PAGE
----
Friday, January 13, 2017


This is coolbert:

As seen at that previous blog entry and as germane to the topic the movement of a Chinese nuclear submarine through the Strait of Malacca:

"The submarine [Chinese] was later seen crossing the Malacca Straits in June 2016 [moving from west to east?].. Submarines have to surface while crossing straits as per protocol."

That protocol having a basis in law and regulation to include the movements of submarines!

"Chapter IV International Straits by Lewis M. Alexander The Law of Naval Operations"

1. The Transit Passage Regime

"There are a few carefully-phrased exceptions in the Convention to the transit passage provision, as noted below. Passage of ships and aircraft is to take plane in the 'normal modes' of transit, a term which the United States interprets as meaning that submarines may transit submerged, providing that depths in the strait are sufficient to permit such operations."

NO WHERE in the Safe Passage rule book for mariners making passage through the Strait of Malacca can I find any reference to military vessels. Warships must pass through the strait on the service and this well understood, the area constricted, shallow and having heavy surface traffic.


"The maximum size of a vessel that can pass through the Strait is referred to as Malaccamax. For some of the world's largest ships (mostly oil tankers), the Strait's minimum depth (25 metres or 82 feet) isn't deep enough. In addition, the next closest passageway (the Sunda Strait between Sumatra and Java) is even more shallow and narrow than Malacca. Therefore, these large ships must detour several thousand miles/kilometers and use the Lombok Strait, Makassar Strait, Sibutu Passage, or Mindoro Strait instead."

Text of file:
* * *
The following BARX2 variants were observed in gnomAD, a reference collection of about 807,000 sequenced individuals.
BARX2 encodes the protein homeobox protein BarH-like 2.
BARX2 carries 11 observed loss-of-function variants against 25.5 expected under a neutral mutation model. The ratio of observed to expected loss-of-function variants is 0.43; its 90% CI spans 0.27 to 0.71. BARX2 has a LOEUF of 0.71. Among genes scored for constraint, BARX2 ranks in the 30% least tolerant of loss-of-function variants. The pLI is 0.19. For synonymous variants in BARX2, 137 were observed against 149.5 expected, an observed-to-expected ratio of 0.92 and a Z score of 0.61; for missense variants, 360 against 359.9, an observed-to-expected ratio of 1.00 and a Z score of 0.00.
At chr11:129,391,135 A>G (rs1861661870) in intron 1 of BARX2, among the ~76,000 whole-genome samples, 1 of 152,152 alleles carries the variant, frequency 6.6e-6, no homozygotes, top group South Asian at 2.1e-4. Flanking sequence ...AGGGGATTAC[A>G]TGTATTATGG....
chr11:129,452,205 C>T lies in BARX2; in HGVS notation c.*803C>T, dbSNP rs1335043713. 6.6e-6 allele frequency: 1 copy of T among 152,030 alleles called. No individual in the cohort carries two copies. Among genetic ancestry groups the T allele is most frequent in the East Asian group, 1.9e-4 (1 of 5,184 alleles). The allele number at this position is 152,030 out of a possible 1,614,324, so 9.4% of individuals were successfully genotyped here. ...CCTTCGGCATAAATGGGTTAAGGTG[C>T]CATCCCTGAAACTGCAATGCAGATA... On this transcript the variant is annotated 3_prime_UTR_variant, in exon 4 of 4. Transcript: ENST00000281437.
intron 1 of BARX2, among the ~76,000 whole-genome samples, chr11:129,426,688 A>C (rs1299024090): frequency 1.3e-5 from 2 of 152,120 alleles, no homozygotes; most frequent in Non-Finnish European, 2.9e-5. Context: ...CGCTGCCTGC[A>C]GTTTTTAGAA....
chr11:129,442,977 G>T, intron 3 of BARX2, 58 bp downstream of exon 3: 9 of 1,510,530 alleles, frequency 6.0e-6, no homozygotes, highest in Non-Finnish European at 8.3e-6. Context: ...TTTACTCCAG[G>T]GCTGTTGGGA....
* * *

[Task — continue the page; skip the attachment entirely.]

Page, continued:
* Sunda Strait . . . "the strait between the Indonesian islands of Java and Sumatra. It connects the Java Sea to the Indian Ocean."

* Lombok Strait . . . "a strait connecting the Java Sea to the Indian Ocean, and is located between the islands of Bali and Lombok in Indonesia,"

* Makassar Strait . . . "a strait between the islands of Borneo and Sulawesi in Indonesia."

* Sibutu Passage . . . "a deep channel some 18 miles (29 km) wide that separates Borneo from the Sulu Archipelago"

* Mindoro Strait . . . "one of the straits connecting the South China Sea with the Sulu Sea"

South China Sea naval choke points and more.Choke points for egress to the Pacific Ocean also shown.

Correct! A Chinese submarine making passage from a home port through the South China Sea into the Indian Ocean via the Strait of Malacca [and return] NOT having an alternative but to use other oceanic choke points that require a voyage of "several thousand of miles/kilometers" ADDITIONALLY!

Stealthiness of the submarine negated by the constricted and shallow waters of each choke point.

This is a problem for the Chinese submariner operating in the Indian Ocean there apparently being no amelioration?


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